Drucker was talking about business processes, where if you can’t measure you really can’t know when something has broken down and needs attention. That’s the proper scope of Drucker’s Metrics Dictum. It applies to business processes. Too many business managers think it applies to everything.

We’ve been talking about DevOps, whose name comes for the inclusion of Ops members in Dev teams, but whose most interesting characteristic is that it replaces waterfall’s big-bang deployments, and even Agile’s large-scale releases, with a continuous stream of small deployments that are subjected to automated testing and then automatically promoted to production without so much as a rubber stamp from a Change Advisory Board.

The metrics question of the day: Do Agile and DevOps speed things up?

The answer is that there is no easy answer. To understand the challenge, answer this question instead: Which is faster, the Internet or a truck?

Figure the truck has a 4,000 cubic foot capacity. You fill it with SanDisks, each holding 64GB of data. The truck drives 1,000 miles at an average of 50 mph. If I’ve done my arithmetic right, the truck delivers more than 35 million terabits of data in 20 hours, yielding a bandwidth of just under 500 terabits per second.

Imagine your MPLS monthly bill for that kind of bandwidth. The truck wins by, you’ll pardon the expression, a mile.

Fortunately, network engineers recognize that bandwidth only tells half the speed story. The other critical network metric is latency. Here, the truck doesn’t fare so well. The first data packet doesn’t arrive until 20 hours after it’s transmitted, compared to a typical Internet ping of maybe 15 milliseconds.

So which is faster, the Internet or the truck? Answer: It depends on what you need more, high bandwidth or short latency.

Waterfall methodologies are the trucks of application development. They deliver a truckload of software features in one big delivery. The business waits for six months or more before anything goes into production, but when the wait is over it gets a lot of new functionality all at once.

Agile methodologies, and DevOps even more so, are the Internet of app dev, delivering new functionality more frequently but in smaller increments.

Where the metaphor breaks down is that with our truck vs Internet comparison we had a useful standard unit of data delivery – the bit.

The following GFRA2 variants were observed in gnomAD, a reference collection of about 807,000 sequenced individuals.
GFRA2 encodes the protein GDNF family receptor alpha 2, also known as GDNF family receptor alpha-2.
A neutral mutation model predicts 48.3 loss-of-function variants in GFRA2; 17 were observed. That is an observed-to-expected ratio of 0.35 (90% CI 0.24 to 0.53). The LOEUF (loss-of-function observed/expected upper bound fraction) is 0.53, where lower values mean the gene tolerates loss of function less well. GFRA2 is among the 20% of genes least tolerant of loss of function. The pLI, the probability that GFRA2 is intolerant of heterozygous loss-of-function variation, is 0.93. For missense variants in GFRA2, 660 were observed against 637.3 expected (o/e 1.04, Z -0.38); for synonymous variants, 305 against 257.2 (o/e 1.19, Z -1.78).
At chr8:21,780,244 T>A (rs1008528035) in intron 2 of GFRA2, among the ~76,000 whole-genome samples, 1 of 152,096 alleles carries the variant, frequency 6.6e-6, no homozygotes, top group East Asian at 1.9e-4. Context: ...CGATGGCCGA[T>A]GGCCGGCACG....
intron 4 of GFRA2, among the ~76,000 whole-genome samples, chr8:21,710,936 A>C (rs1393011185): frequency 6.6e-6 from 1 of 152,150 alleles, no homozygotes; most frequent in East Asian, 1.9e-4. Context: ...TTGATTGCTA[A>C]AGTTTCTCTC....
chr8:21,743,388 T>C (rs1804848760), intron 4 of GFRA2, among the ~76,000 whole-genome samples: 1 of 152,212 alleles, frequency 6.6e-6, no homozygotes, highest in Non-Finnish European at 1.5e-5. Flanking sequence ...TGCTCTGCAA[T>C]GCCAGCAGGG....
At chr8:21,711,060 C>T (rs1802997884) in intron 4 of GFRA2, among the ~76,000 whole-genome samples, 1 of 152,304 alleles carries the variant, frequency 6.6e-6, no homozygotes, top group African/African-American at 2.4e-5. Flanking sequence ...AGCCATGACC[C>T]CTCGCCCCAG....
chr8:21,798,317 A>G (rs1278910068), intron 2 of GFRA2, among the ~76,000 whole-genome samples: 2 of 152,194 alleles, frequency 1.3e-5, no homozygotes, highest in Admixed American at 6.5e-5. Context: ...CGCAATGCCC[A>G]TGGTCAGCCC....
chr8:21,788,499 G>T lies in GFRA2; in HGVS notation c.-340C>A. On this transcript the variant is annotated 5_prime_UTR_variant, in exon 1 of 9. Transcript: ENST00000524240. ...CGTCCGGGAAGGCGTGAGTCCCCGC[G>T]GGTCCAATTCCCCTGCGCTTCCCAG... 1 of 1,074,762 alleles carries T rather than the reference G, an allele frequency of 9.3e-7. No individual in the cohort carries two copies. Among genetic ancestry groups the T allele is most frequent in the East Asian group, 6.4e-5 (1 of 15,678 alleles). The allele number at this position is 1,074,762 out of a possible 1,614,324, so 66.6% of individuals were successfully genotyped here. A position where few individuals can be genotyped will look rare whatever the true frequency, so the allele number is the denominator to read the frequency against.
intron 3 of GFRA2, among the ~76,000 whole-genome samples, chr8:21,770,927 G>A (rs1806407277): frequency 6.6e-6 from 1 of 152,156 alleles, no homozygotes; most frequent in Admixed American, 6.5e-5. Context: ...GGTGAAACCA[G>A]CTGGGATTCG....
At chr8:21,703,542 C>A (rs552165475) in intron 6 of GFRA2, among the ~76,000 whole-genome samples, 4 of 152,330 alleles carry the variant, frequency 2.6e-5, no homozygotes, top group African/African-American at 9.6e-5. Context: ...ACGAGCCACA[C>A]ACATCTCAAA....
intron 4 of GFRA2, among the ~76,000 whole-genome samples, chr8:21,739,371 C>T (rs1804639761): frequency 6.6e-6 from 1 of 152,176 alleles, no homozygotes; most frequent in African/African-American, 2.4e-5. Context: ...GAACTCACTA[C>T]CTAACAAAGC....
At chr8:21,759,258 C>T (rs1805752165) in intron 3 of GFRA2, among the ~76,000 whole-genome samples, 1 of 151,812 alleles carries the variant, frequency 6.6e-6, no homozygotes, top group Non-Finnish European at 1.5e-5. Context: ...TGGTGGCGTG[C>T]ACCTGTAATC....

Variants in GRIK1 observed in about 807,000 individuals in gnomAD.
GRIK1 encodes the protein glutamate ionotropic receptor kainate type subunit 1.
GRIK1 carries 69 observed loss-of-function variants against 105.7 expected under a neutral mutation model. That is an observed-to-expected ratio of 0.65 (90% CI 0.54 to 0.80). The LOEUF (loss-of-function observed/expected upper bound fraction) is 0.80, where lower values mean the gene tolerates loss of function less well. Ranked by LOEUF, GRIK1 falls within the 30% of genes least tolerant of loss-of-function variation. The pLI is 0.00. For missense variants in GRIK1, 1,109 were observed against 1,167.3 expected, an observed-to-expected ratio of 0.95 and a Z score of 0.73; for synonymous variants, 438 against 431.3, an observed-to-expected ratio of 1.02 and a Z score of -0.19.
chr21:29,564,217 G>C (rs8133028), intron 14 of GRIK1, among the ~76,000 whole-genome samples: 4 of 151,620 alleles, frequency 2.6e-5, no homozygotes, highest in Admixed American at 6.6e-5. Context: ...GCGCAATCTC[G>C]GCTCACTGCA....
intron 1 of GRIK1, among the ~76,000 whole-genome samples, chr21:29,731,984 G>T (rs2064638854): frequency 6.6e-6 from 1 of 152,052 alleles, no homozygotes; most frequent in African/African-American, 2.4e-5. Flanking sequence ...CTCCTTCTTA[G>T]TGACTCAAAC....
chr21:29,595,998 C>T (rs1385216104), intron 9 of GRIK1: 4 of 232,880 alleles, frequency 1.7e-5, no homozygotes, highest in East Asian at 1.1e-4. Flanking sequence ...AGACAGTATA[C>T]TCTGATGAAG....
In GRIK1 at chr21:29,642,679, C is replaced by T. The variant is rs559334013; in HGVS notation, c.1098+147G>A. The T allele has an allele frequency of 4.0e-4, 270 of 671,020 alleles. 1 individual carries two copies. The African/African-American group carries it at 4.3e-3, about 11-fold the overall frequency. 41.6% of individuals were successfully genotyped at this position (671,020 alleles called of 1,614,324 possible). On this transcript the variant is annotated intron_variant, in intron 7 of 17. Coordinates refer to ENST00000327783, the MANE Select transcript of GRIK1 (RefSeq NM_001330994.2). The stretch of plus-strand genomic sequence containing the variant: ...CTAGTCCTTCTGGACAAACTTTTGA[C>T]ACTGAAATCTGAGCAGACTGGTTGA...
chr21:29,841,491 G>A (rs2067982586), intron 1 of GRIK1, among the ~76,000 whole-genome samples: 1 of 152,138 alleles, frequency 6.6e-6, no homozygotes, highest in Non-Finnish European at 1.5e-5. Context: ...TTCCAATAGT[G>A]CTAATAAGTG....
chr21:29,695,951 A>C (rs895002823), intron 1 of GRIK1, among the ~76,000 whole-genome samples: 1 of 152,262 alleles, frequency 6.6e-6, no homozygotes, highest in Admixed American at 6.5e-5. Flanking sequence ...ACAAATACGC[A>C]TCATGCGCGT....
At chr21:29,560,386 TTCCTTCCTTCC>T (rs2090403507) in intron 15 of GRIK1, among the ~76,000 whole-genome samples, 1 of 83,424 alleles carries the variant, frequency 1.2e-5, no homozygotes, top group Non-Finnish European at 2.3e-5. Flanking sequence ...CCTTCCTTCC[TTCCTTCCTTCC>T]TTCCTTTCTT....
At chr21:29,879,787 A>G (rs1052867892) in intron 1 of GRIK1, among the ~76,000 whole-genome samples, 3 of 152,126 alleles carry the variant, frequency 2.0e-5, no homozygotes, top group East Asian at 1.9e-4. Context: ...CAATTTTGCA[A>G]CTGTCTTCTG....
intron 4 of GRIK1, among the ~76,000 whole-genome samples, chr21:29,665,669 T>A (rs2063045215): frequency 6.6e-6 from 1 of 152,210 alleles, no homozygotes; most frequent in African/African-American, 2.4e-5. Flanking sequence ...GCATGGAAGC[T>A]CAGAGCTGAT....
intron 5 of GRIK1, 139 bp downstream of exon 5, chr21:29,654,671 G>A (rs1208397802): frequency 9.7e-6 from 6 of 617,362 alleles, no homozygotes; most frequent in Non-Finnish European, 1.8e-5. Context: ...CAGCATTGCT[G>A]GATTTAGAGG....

Comparing app dev methodologies, we don’t. For a while we had function points, but they never really caught on, mostly because they’re too durned complicated to properly count. Also, they’re useless for Agile because function point analysis has deep connections to waterfall’s up-front specifications, which is one reason Agile replaced them with user stories and story points (estimated degree of difficulty).

So trying to compare waterfall and Agile for the speed of software delivery just isn’t going to happen in any reliable way. Even comparing Agile and DevOps is dicey. Agile delivers user stories weighted by story points. Increasingly, DevOps delivers microservices, not full user stories.

Try to apply Drucker’s Metrics Dictum to application development and you’ll find you’re trying to answer the question (to change metaphors mid-stream): Which is better for beating the other team — a great passing game, or the knuckleball?

And oh, by the way, these things have strong connections to the type of business change you need to achieve. Standard Agile practices are just the ticket when your goal is continuous improvement. Waterfall actually can work well, assuming you’re implementing a new business process you’re able to specify with precision and that will still be relevant when the multi-year initiative wraps up.

When designing a good metric turns into an intellectual quagmire, the problem is probably that we’re asking the wrong question. IT’s goal isn’t software delivery, after all. It’s supporting the achievement of intentional business change.

That being the case, what we should be looking at is whether, for a given desired business change, IT’s app dev methodology is a major source of friction.

Increasingly, business leaders care more about the organization’s ability to change direction quickly to address threats and pursue opportunities, and less about organizing and implementing large-scale strategic change.

With this change in the style of business change there’s no longer much doubt. The Agile/DevOps spectrum of methodologies is far more likely to keep IT from being sand in the company’s gears of progress.